Teaching Writing to Young African American Male Students Using Evidence-Based Practices

Research output: Contribution to journalArticle

2 Citations (Scopus)

Abstract

Studies that specifically test the effectiveness of instructional procedures for improving the writing of young African American males who experience difficulty learning to write are almost nonexistent. Although writing intervention studies include these children, researchers rarely disaggregate their data to determine whether the writing treatment enhanced the writing of this group of students. For this article, we reanalyzed the data from 5 true experiments conducted with mostly young African American students experiencing difficulty learning to write. Each of these studies taught 1 or more fundamental writing processes or skills using evidence-based writing practices validated in previous research. Our reanalysis of each of these studies focused only on students who were male, African American, and experiencing difficulties learning to write. We found that teaching fundamental writing processes and skills using evidence-based practices improved these children’s writing performance, including their performance on skills directly taught as well as on other writing or reading skills not directly taught in some instances.

Original languageEnglish (US)
JournalReading and Writing Quarterly
DOIs
StateAccepted/In press - Jan 1 2018

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Teaching
evidence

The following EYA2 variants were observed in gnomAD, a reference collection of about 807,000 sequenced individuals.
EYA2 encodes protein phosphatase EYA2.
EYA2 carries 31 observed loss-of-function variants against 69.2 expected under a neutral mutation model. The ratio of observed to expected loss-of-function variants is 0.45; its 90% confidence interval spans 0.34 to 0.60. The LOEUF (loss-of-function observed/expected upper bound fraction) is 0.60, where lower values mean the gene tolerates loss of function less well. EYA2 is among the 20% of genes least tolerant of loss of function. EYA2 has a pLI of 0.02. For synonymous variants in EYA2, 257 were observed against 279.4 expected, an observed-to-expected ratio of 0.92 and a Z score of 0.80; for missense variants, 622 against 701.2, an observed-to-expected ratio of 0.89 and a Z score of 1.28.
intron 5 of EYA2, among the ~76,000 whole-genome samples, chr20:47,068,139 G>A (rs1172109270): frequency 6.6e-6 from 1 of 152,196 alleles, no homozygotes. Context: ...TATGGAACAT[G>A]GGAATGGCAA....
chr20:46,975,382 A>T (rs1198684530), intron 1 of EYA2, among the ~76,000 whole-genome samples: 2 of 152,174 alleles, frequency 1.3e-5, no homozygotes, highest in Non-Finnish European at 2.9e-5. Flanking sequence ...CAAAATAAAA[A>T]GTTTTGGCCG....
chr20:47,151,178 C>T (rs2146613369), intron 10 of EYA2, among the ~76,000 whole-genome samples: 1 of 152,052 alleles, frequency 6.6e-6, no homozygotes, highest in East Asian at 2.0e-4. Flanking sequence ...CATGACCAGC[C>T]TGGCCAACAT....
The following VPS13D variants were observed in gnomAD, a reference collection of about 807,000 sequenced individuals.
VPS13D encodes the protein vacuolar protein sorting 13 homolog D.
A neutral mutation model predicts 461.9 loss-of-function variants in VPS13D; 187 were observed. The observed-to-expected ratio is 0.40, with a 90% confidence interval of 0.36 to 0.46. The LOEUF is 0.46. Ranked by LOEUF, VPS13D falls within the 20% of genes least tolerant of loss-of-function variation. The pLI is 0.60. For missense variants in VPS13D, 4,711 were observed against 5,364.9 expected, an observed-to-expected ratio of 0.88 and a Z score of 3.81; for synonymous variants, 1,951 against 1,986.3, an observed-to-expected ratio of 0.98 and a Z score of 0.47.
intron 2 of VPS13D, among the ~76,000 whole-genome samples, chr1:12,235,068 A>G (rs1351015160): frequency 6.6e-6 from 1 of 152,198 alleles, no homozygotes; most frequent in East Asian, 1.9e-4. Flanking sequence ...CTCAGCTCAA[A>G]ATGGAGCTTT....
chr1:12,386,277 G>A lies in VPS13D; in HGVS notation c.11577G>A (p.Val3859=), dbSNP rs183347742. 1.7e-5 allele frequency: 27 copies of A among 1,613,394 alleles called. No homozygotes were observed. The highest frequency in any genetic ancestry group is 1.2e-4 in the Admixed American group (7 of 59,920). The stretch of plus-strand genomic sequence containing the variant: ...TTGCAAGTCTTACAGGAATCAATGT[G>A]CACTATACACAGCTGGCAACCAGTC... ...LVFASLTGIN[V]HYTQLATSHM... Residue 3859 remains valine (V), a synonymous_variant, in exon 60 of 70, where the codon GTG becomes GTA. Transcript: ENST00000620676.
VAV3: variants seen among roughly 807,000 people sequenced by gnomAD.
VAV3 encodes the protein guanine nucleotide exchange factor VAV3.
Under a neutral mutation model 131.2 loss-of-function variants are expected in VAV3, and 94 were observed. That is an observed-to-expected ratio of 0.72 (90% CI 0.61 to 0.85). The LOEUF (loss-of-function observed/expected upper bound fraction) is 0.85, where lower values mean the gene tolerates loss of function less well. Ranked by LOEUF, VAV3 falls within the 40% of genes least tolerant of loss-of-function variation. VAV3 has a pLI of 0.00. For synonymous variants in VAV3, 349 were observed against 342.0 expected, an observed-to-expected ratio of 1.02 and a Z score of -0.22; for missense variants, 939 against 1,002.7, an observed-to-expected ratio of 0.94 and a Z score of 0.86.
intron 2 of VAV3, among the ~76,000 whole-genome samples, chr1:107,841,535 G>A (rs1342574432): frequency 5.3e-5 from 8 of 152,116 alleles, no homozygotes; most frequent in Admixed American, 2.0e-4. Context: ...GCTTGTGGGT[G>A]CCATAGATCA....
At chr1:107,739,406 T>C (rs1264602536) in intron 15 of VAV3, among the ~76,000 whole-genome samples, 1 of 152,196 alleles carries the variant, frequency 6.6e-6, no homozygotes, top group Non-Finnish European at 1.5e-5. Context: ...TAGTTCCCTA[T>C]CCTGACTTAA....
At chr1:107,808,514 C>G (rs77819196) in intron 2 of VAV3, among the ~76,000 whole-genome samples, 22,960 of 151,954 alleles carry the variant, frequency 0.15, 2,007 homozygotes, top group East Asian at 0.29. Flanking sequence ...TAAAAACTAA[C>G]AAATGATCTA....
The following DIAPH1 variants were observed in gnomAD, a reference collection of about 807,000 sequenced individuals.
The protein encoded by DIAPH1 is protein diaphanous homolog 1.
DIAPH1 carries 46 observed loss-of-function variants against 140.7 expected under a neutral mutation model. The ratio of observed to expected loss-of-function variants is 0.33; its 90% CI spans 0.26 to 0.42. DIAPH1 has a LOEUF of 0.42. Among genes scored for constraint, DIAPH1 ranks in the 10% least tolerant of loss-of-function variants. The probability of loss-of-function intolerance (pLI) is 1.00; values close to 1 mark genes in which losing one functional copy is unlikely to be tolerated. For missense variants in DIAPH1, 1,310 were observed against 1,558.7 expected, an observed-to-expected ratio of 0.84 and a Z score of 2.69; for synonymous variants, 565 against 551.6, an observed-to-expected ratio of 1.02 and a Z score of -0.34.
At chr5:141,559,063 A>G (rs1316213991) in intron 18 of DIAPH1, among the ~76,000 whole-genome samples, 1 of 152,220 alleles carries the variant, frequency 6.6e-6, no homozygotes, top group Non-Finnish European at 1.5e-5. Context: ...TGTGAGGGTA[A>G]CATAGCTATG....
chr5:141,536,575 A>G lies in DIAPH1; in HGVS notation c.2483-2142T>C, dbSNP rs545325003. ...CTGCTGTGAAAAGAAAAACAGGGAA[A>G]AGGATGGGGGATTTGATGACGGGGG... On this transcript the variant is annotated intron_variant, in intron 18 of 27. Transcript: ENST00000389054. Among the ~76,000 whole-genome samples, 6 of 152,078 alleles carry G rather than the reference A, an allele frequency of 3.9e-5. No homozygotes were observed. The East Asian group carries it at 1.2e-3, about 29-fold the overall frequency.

student
learning disorder
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ASJC Scopus subject areas

  • Education
  • Linguistics and Language

Cite this

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abstract = "Studies that specifically test the effectiveness of instructional procedures for improving the writing of young African American males who experience difficulty learning to write are almost nonexistent. Although writing intervention studies include these children, researchers rarely disaggregate their data to determine whether the writing treatment enhanced the writing of this group of students. For this article, we reanalyzed the data from 5 true experiments conducted with mostly young African American students experiencing difficulty learning to write. Each of these studies taught 1 or more fundamental writing processes or skills using evidence-based writing practices validated in previous research. Our reanalysis of each of these studies focused only on students who were male, African American, and experiencing difficulties learning to write. We found that teaching fundamental writing processes and skills using evidence-based practices improved these children’s writing performance, including their performance on skills directly taught as well as on other writing or reading skills not directly taught in some instances.",
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